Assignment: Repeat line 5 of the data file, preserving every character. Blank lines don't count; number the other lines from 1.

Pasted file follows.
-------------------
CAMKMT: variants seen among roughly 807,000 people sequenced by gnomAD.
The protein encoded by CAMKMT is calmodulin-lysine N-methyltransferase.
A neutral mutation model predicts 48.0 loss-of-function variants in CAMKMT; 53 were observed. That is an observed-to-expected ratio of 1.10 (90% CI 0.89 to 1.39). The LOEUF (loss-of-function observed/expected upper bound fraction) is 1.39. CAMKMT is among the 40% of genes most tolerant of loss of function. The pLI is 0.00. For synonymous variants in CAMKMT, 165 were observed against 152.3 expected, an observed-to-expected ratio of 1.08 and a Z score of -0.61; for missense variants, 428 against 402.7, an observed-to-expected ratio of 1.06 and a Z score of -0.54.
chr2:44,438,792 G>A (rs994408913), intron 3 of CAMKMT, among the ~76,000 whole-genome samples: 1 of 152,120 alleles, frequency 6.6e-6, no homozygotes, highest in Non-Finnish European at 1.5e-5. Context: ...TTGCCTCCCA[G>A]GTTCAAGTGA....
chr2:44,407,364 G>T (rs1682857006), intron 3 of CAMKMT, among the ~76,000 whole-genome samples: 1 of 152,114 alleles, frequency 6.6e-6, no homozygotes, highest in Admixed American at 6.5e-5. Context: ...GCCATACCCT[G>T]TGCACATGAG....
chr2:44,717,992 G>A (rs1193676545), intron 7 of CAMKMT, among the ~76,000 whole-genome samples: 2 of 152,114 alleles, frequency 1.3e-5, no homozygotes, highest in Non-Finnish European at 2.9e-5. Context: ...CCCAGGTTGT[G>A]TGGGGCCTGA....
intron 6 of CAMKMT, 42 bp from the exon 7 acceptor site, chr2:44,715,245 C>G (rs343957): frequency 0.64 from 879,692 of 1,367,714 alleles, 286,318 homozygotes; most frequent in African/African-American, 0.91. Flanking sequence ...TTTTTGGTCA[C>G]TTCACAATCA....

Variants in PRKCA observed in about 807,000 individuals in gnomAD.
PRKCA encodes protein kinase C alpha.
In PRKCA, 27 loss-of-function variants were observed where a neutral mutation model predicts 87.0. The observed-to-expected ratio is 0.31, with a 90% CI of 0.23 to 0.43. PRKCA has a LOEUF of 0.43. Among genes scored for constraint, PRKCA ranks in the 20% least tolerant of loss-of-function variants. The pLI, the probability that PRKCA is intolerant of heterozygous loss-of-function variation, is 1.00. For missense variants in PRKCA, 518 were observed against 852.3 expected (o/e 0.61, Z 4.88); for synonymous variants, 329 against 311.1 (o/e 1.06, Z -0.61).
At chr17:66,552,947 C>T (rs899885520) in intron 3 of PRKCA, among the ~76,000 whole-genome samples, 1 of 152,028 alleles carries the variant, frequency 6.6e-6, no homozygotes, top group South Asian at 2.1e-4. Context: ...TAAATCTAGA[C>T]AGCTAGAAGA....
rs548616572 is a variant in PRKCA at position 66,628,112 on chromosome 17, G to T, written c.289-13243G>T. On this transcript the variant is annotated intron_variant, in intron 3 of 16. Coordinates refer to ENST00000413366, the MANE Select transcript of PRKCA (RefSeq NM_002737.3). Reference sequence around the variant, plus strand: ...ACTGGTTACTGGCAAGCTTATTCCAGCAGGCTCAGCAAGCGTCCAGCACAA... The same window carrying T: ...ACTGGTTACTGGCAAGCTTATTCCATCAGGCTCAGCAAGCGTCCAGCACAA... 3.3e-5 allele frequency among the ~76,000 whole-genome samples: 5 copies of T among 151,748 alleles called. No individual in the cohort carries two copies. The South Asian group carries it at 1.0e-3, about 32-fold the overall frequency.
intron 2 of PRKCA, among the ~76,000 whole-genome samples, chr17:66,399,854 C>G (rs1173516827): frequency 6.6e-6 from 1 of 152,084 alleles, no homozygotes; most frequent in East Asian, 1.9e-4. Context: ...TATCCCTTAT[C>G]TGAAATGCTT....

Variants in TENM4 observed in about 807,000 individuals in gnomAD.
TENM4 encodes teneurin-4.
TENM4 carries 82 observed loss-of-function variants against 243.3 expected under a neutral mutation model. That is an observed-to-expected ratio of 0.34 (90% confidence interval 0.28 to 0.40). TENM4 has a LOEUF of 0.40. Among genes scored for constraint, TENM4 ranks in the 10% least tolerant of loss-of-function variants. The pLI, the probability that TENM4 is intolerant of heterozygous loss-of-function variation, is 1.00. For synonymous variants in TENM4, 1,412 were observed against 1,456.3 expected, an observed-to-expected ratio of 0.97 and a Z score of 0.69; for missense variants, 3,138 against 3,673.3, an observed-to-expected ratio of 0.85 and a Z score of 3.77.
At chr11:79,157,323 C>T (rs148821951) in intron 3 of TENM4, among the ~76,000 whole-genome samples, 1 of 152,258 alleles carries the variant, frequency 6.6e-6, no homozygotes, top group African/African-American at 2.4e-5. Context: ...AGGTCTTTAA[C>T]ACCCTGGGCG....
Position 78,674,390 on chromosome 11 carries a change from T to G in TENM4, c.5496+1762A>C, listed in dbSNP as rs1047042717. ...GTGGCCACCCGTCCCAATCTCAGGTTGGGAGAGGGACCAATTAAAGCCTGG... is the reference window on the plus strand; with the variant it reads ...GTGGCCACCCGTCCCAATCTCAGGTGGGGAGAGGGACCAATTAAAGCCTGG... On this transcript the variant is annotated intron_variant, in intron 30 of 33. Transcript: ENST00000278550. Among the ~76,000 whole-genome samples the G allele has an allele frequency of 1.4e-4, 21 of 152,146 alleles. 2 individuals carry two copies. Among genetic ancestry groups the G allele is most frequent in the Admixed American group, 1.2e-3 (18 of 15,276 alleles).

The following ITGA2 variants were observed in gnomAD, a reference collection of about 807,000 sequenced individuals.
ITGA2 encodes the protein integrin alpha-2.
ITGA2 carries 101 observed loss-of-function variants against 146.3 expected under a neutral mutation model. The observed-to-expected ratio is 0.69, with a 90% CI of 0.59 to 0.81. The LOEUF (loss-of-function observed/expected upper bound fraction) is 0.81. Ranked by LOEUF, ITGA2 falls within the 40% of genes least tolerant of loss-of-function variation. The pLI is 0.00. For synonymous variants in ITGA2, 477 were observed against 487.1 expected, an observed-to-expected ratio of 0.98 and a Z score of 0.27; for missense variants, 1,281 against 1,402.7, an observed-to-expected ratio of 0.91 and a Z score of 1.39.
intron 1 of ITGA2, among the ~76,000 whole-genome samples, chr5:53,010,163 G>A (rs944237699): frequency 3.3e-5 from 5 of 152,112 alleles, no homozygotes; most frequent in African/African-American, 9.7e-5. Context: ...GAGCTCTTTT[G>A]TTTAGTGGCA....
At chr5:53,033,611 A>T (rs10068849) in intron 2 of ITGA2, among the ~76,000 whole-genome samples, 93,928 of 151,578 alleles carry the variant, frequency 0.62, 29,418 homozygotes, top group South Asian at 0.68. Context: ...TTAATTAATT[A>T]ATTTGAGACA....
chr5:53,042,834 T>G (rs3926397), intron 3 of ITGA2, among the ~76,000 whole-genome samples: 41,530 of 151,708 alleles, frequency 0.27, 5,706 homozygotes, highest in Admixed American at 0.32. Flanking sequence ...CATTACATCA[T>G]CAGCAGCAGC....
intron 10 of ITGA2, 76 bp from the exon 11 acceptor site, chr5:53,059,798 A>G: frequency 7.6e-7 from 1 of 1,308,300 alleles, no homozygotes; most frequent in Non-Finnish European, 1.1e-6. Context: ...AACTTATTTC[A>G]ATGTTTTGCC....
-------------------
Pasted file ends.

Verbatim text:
chr2:44,407,364 G>T (rs1682857006), intron 3 of CAMKMT, among the ~76,000 whole-genome samples: 1 of 152,114 alleles, frequency 6.6e-6, no homozygotes, highest in Admixed American at 6.5e-5. Context: ...GCCATACCCT[G>T]TGCACATGAG....